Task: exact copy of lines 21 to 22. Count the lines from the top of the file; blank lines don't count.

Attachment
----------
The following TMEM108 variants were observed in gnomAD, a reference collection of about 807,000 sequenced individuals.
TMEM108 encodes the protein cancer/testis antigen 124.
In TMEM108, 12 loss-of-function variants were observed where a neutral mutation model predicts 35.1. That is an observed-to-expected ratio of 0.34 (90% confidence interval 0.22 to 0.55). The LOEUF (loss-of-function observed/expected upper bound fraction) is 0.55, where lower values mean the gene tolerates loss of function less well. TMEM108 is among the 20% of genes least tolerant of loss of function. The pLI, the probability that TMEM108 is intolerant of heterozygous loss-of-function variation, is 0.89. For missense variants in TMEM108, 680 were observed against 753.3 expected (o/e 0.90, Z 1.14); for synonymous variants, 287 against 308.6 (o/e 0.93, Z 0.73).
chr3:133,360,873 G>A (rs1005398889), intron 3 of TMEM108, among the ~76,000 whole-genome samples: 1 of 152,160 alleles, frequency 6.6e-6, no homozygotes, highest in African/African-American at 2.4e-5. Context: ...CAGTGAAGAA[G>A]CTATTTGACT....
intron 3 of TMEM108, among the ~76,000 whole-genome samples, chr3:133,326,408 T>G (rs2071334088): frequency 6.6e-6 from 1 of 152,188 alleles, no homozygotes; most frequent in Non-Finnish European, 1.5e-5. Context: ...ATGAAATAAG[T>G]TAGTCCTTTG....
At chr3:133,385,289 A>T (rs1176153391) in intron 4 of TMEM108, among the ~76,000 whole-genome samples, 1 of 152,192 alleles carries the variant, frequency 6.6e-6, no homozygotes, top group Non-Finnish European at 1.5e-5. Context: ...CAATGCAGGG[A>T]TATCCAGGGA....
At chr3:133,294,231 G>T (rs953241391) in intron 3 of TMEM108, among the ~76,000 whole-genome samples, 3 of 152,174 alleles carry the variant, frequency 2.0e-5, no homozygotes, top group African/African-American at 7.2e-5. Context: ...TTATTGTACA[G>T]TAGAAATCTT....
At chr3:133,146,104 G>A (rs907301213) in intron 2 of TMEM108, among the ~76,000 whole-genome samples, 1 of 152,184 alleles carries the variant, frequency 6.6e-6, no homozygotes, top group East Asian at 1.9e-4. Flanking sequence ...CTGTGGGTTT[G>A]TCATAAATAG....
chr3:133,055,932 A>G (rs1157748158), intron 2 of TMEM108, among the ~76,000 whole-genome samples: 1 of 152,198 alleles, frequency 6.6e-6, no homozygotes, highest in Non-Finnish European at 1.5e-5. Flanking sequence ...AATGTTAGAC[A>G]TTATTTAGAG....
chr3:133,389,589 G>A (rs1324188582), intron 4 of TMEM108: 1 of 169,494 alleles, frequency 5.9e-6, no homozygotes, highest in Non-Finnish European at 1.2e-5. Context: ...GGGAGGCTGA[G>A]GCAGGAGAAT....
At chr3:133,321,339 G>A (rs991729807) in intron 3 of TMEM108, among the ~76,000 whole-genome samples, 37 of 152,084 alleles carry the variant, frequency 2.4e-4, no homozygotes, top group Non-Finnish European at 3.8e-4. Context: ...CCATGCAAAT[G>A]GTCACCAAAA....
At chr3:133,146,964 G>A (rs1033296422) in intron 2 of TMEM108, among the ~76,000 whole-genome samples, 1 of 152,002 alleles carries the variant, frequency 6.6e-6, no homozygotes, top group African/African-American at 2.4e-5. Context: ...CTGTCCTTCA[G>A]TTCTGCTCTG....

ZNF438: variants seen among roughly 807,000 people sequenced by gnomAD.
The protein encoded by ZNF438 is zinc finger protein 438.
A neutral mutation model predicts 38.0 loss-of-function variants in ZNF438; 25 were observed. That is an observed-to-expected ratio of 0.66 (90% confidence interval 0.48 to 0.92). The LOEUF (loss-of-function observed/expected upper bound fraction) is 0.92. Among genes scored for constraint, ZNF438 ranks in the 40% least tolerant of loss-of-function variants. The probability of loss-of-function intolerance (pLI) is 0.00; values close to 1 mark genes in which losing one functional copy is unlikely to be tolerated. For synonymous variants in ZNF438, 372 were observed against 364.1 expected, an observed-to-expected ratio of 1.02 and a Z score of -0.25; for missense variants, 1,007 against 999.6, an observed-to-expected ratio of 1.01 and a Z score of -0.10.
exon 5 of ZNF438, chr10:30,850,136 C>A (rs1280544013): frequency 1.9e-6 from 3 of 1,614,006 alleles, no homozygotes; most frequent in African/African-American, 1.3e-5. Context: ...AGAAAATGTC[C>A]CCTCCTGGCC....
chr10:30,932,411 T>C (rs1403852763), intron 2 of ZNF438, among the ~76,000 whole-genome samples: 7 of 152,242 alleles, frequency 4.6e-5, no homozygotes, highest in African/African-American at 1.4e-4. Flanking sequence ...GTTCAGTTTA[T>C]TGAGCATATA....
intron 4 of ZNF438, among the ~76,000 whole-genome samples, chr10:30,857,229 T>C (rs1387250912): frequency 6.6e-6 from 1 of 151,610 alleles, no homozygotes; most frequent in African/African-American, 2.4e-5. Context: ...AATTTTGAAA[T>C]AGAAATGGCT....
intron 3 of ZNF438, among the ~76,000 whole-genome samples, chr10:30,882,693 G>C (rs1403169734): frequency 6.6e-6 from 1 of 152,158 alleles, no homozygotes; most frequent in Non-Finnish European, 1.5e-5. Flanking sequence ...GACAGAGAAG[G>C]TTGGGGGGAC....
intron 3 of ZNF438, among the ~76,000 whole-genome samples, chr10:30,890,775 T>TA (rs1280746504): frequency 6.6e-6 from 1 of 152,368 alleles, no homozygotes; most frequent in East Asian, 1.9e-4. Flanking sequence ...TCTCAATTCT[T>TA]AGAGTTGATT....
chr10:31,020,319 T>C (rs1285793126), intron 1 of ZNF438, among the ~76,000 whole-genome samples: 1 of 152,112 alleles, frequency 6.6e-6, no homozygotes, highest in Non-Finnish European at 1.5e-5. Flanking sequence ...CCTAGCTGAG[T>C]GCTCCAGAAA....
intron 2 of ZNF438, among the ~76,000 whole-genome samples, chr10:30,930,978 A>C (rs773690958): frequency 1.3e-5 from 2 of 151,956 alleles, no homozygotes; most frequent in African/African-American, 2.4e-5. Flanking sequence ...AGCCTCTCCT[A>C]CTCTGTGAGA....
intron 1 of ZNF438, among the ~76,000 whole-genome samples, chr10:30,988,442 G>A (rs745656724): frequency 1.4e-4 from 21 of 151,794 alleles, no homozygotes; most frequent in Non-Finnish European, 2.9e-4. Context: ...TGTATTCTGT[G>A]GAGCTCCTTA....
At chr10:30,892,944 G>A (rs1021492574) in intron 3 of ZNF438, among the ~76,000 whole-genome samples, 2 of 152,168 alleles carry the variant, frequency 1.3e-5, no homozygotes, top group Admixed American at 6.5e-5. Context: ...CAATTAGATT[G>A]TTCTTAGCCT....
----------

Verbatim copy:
chr10:31,020,319 T>C (rs1285793126), intron 1 of ZNF438, among the ~76,000 whole-genome samples: 1 of 152,112 alleles, frequency 6.6e-6, no homozygotes, highest in Non-Finnish European at 1.5e-5. Flanking sequence ...CCTAGCTGAG[T>C]GCTCCAGAAA....
intron 2 of ZNF438, among the ~76,000 whole-genome samples, chr10:30,930,978 A>C (rs773690958): frequency 1.3e-5 from 2 of 151,956 alleles, no homozygotes; most frequent in African/African-American, 2.4e-5. Flanking sequence ...AGCCTCTCCT[A>C]CTCTGTGAGA....